Telenor Under Pressure for Its Myanmar Subsidiary Sale

By The Irrawaddy 9 February 2022

Telecoms operator Telenor is under new pressure as a customer in Myanmar

has filed a complaint with Norway’s data protection authority to investigate the company’s planned sale of the business to a Lebanese company and its local partner to make sure his rights under the country’s data protection law are not violated.

The complaint comes at a time when Telenor is planning to sell its Myanmar business to Lebanon’s M1 and Myanmar regime-linked Shwe Byain Phyu Group after the telecom company was forced by the junta last year to install eavesdropping equipment.

If installed, the personal data of 18 million Telenor users in Myanmar would be in the hands of the regime, which came to power through a military coup last year and is crushing the country’s pro-democracy movement.

The Netherlands-based Centre for Research on Multinational Corporations (SOMO), which is supporting the Myanmar citizen’s complaint, said that Norway has a responsibility to prevent a junta-linked company from gaining control of the personal data of Myanmar users, among whom are pro-democracy activists, human rights defenders, journalists and other at-risk individuals.

“Telenor Group and its majority shareholder, the Norwegian government, have an obligation to protect these individuals from harm, which include persecution, torture, and even extrajudicial killings,” said Joseph Wilde-Ramsing, a senior researcher at SOMO.

According to the Financial Times, Telenor said none of its data from Myanmar was handled in Norway or the EU and that Norwegian data protection regulations did not apply to it.

“The customer data of Telenor Myanmar’s customers is handled locally by Telenor Myanmar in compliance with regulatory obligations,” the company said.

Advocacy group Justice for Myanmar urged Norway’s government to block Telenor Myanmar’s sale, warning that it would be “complicit with [the] terrorist junta”.

Norway’s past engagement policy 

After Myanmar began a democratic transition in 2011 under the military-installed civilian government of Thein Sein, Oslo quickly reengaged with and began to support Norwegian business deals in the country.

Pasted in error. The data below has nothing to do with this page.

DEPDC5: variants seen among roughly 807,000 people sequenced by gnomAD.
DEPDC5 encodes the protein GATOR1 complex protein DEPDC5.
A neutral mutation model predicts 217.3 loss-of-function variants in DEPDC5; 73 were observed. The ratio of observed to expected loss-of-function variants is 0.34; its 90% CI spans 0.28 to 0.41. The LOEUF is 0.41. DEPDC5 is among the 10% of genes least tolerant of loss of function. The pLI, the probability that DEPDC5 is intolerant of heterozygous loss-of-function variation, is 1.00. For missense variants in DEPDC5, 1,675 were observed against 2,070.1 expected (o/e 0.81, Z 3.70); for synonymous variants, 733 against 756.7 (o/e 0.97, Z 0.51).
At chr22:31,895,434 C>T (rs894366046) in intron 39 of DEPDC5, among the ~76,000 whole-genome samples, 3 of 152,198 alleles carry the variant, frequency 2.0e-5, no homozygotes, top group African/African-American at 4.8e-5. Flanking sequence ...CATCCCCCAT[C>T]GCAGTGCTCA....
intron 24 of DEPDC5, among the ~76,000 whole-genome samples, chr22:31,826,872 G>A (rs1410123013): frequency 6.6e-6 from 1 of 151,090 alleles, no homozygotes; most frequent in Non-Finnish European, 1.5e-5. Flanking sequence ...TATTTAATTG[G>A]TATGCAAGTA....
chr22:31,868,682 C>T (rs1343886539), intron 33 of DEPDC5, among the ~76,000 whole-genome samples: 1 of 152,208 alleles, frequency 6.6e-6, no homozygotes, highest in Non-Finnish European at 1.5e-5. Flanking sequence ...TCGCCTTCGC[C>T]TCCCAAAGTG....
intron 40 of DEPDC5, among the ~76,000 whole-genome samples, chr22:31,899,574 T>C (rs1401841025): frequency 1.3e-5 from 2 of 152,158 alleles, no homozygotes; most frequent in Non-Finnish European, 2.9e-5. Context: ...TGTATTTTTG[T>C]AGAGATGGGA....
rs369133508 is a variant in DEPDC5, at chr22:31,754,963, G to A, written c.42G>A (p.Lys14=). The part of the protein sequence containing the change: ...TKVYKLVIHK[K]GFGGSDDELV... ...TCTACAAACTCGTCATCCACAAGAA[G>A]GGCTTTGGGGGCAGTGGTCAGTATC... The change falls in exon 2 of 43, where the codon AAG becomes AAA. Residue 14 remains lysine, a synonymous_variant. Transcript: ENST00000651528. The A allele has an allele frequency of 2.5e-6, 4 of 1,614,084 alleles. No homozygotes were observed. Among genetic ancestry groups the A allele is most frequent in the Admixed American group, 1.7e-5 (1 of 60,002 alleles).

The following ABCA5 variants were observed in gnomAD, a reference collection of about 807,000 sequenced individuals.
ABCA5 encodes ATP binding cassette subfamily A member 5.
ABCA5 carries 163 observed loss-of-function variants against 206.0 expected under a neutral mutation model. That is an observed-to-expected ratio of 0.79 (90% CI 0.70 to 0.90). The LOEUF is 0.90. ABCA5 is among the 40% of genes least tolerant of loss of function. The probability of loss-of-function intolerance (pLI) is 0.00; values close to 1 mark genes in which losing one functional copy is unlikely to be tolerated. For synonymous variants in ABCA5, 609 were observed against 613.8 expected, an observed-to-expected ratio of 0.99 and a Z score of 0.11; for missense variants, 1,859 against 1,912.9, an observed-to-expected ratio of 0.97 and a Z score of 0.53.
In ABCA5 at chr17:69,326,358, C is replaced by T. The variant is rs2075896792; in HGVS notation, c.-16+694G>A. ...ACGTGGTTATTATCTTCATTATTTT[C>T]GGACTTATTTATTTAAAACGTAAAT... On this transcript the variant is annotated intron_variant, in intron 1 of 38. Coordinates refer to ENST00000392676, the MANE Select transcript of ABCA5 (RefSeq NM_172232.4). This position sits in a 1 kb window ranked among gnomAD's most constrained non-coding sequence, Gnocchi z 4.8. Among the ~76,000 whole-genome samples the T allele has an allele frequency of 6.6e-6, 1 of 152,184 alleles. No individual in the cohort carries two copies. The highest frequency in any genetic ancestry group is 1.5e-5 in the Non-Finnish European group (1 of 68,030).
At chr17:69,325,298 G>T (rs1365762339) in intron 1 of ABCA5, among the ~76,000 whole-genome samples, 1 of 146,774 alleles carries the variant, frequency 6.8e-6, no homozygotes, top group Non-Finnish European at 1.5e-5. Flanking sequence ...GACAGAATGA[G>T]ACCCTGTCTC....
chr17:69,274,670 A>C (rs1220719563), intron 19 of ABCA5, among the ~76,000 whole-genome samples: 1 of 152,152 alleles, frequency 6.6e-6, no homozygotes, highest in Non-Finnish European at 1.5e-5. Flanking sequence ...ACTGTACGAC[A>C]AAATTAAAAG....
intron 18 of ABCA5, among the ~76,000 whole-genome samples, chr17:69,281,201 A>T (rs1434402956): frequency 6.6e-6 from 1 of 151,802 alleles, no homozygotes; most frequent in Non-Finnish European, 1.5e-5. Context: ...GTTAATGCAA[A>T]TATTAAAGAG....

Following then-Minister of Foreign Affairs Jonas Gahr Støre’s two-day visit to Myanmar in January 2012, Oslo subsequently indicated it would no longer urge Norwegian companies to refrain from trade and investment in Myanmar.

In June 2013, Myanmar granted licenses to Norway’s Telenor and Ooredoo of Qatar to set up the country’s first foreign-owned mobile phone networks.

In 2014, Katja Nordgaard, Norway’s ambassador to Myanmar from 2010 to 2013, was appointed executive vice president at Telenor Group. During her tenure as ambassador, Nordgaard oversaw the normalization of relations with Myanmar’s reformist government and helped secure deals between the government and Norwegian firms, including for the company that that she would now be joining.

Now, Telenor has been warned by Myanmar activists that the sale of its Myanmar business will endanger the company’s customers by putting their personal data within reach of the junta.

“In such a difficult and volatile security situation, there are no simple solutions,” the company said.

“We have to balance several difficult considerations and have come to the conclusion that a sale is the least detrimental solution for our employees, customers and the community.”

As Telenor has been tightlipped about its sale, Myanmar Now reported that Telenor’s sale of its Myanmar subsidiary to a joint partnership between the Lebanon-based M1 Group and local conglomerate Shwe Byain Phyu would be completed by Feb. 15. The partnership is named Investcom Myanmar, a company that has not yet been registered. Shwe Byain Phyu, a military-linked gems and petrol conglomerate, will be the majority owner of Investcom Myanmar.

The founder of Shwe Byain Phyu is Thein Win Zaw, a low-profile businessman who has monopolized the petrol business in Myanmar. The tycoon developed strong business relations with then commander-in-chief of the Myanmar Navy Soe Thane. Since then, Thein Win Zaw has developed a close business connection with incoming navy chief Lieutenant General Tin Aung San.

Soe Thane served as senior minister in the Thein Sein administration and was one of its key cabinet ministers.

In 2015, Lt-Gen Tin Aung San became commander-in-chief of the Myanmar Navy and in 2021, two days after the coup, he was appointed as the minister of transport and communications.

The company recently acquired a 49-percent stake in Investcom Pte Ltd, a company created by the M1 Group that was registered in Singapore after Telenor announced last year that it was selling its Myanmar unit to M1 for US$105 million. The sale will include the transfer of personal data of Telenor Myanmar customers.

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